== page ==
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Bariatric surgery and post-operative outcome 

Bariatric surgery and post-operative outcome
Bariatric surgery and post-operative outcome

Mark Bellamy

and Michel Struys

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date: 18 October 2017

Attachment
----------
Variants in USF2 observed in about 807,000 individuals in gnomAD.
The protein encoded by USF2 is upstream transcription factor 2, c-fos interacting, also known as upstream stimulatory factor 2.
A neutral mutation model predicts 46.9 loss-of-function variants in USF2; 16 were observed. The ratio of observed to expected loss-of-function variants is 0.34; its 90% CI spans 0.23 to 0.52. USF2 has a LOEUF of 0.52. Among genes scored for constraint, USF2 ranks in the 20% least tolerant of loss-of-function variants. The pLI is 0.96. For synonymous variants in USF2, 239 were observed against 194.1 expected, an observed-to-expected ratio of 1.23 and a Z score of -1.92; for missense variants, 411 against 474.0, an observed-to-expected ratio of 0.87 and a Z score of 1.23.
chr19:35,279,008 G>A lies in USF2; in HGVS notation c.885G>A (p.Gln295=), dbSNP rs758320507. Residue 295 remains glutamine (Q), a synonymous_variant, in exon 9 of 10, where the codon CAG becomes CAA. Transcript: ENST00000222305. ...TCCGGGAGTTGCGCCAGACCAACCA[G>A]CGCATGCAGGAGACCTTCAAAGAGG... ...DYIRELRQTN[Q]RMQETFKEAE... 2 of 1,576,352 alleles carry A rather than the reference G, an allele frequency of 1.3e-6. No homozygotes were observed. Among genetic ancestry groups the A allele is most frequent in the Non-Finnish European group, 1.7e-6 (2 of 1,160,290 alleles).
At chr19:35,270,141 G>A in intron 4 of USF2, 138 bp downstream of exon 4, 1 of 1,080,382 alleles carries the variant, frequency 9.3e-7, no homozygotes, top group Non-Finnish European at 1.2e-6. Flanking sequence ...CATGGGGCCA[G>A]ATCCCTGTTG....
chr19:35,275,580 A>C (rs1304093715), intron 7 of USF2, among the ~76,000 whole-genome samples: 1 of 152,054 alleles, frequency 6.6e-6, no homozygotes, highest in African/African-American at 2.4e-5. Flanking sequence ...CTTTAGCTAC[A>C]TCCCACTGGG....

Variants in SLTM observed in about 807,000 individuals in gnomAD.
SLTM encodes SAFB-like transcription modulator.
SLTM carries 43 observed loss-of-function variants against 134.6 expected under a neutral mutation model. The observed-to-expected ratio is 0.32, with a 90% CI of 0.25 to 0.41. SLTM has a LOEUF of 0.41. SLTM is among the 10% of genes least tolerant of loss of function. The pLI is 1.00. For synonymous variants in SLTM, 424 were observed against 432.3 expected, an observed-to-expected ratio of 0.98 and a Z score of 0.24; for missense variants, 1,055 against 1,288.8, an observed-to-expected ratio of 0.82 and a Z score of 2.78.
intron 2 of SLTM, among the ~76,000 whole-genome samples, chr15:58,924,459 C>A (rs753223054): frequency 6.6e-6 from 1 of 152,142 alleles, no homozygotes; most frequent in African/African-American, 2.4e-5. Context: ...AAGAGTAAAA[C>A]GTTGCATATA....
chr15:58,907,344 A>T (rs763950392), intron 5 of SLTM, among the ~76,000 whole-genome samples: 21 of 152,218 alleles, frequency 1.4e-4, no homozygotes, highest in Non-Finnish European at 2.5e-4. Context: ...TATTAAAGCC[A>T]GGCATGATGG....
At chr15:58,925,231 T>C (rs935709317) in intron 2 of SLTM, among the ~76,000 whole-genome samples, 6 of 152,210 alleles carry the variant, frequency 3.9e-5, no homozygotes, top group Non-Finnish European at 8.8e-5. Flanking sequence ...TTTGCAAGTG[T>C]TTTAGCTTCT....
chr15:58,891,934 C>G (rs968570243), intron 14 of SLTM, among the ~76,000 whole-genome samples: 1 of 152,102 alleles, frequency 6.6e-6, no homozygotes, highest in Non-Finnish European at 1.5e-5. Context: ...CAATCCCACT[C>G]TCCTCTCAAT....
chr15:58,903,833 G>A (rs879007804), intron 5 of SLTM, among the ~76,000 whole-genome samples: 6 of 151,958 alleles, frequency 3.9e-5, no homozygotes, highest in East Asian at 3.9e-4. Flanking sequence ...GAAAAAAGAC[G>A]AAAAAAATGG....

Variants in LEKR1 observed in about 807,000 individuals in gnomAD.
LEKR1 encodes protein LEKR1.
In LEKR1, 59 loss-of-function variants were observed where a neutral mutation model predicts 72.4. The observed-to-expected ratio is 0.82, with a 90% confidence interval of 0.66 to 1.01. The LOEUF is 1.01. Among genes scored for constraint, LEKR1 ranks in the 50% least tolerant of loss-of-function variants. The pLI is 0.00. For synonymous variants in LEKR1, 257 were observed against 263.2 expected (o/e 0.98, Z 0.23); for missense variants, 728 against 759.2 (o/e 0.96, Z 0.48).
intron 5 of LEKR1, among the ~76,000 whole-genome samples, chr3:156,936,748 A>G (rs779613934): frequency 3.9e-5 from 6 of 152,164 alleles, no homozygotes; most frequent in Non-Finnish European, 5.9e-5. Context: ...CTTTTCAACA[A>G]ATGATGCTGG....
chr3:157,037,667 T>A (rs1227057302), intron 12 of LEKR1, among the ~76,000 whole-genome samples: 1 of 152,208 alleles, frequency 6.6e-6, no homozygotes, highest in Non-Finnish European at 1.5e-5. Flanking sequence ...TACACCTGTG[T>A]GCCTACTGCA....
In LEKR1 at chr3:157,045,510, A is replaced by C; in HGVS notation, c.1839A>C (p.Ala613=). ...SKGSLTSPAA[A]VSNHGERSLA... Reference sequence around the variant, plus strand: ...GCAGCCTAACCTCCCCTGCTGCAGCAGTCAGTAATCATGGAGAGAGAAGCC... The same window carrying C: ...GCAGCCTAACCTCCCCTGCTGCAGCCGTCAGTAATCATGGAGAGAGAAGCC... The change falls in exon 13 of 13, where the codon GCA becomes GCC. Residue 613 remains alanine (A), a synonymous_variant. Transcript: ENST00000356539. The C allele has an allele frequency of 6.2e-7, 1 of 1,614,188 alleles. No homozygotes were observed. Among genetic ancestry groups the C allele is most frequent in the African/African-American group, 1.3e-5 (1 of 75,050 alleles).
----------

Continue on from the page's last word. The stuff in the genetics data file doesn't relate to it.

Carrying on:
• Outcomes following anaesthesia and surgery in the morbidly obese are reasonably good. • Several large reported series have failed to confirm body mass index as an independent risk factor for adverse outcome. • Poor outcome is related to the presence of co-morbidities. • Patients undergoing open surgery have been shown to develop higher post-operative into abdominal pressures than those undergoing similar surgical procedures laparoscopically. • Three principles underlying bariatric surgery are reduction in stomach size, gastric outlet restriction, and malabsorption. • Early surgical procedures such as jejunoileal bypass had an unacceptably high post-operative complication rate. • Current surgical procedures include laparoscopic adjustable gastric banding and gastric bypass Roux loop reconstruction. • These techniques have a relatively low complication rate. • There is a clearly demonstrable effect of programs size, with larger programs having better outcomes.

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